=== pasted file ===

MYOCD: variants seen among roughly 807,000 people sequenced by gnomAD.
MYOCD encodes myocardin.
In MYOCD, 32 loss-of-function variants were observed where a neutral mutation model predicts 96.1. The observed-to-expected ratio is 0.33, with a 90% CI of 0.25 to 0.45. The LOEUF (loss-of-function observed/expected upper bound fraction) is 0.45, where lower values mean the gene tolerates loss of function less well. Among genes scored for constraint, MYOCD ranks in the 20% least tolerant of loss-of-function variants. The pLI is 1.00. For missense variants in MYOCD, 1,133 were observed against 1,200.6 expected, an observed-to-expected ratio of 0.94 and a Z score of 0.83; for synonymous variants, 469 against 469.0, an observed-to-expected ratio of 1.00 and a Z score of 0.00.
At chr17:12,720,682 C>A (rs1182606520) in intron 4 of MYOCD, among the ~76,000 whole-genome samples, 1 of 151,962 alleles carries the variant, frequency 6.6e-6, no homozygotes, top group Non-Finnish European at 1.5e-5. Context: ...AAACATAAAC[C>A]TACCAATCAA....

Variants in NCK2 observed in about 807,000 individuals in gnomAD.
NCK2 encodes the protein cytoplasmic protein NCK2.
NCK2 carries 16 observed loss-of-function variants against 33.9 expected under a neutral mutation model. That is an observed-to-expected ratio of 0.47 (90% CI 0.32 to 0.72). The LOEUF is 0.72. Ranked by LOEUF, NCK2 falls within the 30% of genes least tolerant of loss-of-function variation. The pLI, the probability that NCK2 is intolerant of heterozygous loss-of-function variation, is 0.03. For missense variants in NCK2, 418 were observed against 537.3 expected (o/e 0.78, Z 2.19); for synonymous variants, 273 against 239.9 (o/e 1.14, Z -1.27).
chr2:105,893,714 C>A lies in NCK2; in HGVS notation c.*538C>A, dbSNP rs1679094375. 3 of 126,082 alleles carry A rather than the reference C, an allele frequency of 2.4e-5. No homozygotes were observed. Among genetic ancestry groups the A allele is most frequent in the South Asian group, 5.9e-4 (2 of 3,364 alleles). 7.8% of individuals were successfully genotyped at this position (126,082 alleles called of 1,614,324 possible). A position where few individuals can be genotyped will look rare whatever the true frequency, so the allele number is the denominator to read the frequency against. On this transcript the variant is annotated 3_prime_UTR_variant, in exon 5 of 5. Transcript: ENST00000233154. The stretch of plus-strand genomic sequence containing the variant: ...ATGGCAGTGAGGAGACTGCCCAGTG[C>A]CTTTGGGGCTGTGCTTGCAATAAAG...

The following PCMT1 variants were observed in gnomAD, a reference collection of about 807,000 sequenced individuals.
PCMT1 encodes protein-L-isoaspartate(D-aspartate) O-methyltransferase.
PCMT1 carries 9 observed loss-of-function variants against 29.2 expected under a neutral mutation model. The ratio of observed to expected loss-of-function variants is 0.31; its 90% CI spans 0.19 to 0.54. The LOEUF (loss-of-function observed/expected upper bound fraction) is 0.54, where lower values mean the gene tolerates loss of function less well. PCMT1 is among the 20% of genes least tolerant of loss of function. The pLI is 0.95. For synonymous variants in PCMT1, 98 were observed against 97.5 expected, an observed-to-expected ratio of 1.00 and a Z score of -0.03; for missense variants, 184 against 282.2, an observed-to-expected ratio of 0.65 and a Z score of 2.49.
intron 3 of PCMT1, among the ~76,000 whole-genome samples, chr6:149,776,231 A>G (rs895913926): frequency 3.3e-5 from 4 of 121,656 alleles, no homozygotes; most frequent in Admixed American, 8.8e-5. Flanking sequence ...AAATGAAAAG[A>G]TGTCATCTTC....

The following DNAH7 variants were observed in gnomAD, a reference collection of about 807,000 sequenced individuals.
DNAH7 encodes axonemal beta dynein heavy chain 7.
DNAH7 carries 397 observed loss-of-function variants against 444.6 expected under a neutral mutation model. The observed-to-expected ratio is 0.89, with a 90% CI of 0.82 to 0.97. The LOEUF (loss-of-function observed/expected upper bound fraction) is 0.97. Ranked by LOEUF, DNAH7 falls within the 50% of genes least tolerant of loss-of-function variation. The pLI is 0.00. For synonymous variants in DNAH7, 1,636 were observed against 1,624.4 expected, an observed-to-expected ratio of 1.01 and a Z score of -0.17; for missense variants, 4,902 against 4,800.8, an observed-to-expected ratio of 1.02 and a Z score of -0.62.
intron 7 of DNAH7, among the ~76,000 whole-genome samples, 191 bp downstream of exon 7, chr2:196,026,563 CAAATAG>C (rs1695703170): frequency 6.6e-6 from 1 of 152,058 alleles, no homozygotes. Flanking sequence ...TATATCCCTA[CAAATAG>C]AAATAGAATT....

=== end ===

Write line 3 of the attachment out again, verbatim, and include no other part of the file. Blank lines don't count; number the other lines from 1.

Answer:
In MYOCD, 32 loss-of-function variants were observed where a neutral mutation model predicts 96.1. The observed-to-expected ratio is 0.33, with a 90% CI of 0.25 to 0.45. The LOEUF (loss-of-function observed/expected upper bound fraction) is 0.45, where lower values mean the gene tolerates loss of function less well. Among genes scored for constraint, MYOCD ranks in the 20% least tolerant of loss-of-function variants. The pLI is 1.00. For missense variants in MYOCD, 1,133 were observed against 1,200.6 expected, an observed-to-expected ratio of 0.94 and a Z score of 0.83; for synonymous variants, 469 against 469.0, an observed-to-expected ratio of 1.00 and a Z score of 0.00.